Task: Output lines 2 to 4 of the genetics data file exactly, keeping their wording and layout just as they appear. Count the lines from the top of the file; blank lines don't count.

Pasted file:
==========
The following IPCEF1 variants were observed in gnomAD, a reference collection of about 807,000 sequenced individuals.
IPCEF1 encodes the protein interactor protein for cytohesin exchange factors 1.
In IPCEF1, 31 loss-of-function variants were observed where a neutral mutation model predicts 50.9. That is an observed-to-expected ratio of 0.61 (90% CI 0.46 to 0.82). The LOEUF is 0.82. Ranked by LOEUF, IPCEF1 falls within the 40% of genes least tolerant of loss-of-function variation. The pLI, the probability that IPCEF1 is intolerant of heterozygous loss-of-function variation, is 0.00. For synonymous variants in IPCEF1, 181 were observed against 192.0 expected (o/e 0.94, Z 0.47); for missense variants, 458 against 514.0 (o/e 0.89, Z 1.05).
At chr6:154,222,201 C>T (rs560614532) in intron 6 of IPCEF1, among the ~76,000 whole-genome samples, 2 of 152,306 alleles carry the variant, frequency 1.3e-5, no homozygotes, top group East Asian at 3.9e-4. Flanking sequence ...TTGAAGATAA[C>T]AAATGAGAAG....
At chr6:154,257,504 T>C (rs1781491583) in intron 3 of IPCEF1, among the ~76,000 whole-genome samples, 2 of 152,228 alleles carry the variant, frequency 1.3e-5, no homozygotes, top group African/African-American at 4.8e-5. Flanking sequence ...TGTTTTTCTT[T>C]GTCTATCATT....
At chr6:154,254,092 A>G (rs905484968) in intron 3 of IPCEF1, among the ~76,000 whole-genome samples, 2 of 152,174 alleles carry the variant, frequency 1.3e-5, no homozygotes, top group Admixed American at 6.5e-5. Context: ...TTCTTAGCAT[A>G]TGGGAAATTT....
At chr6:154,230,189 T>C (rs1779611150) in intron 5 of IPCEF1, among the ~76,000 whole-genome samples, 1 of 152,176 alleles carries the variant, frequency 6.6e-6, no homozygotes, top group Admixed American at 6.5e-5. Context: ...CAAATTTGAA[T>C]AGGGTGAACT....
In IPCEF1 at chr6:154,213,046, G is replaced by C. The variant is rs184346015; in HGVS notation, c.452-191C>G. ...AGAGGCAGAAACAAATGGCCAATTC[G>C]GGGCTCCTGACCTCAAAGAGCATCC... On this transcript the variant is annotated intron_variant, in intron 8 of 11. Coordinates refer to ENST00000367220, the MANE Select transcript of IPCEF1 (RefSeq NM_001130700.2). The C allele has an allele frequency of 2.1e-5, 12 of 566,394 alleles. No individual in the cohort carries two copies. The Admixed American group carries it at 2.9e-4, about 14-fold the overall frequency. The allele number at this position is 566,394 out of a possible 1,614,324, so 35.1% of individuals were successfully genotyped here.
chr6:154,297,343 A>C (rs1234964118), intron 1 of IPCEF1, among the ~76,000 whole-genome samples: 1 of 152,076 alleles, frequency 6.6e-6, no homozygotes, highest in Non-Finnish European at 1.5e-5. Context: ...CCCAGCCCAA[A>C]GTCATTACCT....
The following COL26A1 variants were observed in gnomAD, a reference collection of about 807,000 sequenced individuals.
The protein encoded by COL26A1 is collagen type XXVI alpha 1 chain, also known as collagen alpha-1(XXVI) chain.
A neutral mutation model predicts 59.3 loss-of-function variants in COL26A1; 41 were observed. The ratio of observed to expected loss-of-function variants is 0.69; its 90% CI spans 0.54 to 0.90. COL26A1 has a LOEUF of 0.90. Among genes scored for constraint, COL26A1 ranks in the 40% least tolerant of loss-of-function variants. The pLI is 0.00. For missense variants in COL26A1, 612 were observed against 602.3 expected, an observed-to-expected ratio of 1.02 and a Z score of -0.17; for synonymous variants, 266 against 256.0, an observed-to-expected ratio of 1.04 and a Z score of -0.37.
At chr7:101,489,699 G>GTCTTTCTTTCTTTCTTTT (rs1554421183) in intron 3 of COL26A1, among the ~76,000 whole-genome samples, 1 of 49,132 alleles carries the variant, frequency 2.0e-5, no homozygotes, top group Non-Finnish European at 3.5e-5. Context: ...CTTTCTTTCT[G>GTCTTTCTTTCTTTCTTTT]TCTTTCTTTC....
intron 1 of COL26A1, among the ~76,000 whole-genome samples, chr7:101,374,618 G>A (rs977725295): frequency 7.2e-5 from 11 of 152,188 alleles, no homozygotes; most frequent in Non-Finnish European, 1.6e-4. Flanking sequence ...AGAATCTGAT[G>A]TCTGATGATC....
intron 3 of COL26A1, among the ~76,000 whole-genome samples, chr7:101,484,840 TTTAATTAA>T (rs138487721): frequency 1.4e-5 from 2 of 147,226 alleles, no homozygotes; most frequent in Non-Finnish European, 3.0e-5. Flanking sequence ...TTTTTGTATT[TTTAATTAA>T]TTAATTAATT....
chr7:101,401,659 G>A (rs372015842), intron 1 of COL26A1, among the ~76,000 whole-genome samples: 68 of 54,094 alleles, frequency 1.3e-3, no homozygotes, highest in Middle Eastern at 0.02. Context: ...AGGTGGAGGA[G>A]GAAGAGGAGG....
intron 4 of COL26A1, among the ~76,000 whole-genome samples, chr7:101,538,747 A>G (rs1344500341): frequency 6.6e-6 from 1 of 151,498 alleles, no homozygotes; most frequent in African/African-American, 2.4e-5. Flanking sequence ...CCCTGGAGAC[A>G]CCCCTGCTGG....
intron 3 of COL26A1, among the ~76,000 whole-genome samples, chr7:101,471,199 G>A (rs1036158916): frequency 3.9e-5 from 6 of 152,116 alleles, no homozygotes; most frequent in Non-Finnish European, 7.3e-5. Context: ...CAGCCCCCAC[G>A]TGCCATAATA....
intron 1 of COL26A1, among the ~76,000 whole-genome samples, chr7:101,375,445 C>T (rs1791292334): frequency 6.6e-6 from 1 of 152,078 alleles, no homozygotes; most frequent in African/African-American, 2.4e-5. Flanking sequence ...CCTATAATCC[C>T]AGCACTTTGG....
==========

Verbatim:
IPCEF1 encodes the protein interactor protein for cytohesin exchange factors 1.
In IPCEF1, 31 loss-of-function variants were observed where a neutral mutation model predicts 50.9. That is an observed-to-expected ratio of 0.61 (90% CI 0.46 to 0.82). The LOEUF is 0.82. Ranked by LOEUF, IPCEF1 falls within the 40% of genes least tolerant of loss-of-function variation. The pLI, the probability that IPCEF1 is intolerant of heterozygous loss-of-function variation, is 0.00. For synonymous variants in IPCEF1, 181 were observed against 192.0 expected (o/e 0.94, Z 0.47); for missense variants, 458 against 514.0 (o/e 0.89, Z 1.05).
At chr6:154,222,201 C>T (rs560614532) in intron 6 of IPCEF1, among the ~76,000 whole-genome samples, 2 of 152,306 alleles carry the variant, frequency 1.3e-5, no homozygotes, top group East Asian at 3.9e-4. Flanking sequence ...TTGAAGATAA[C>T]AAATGAGAAG....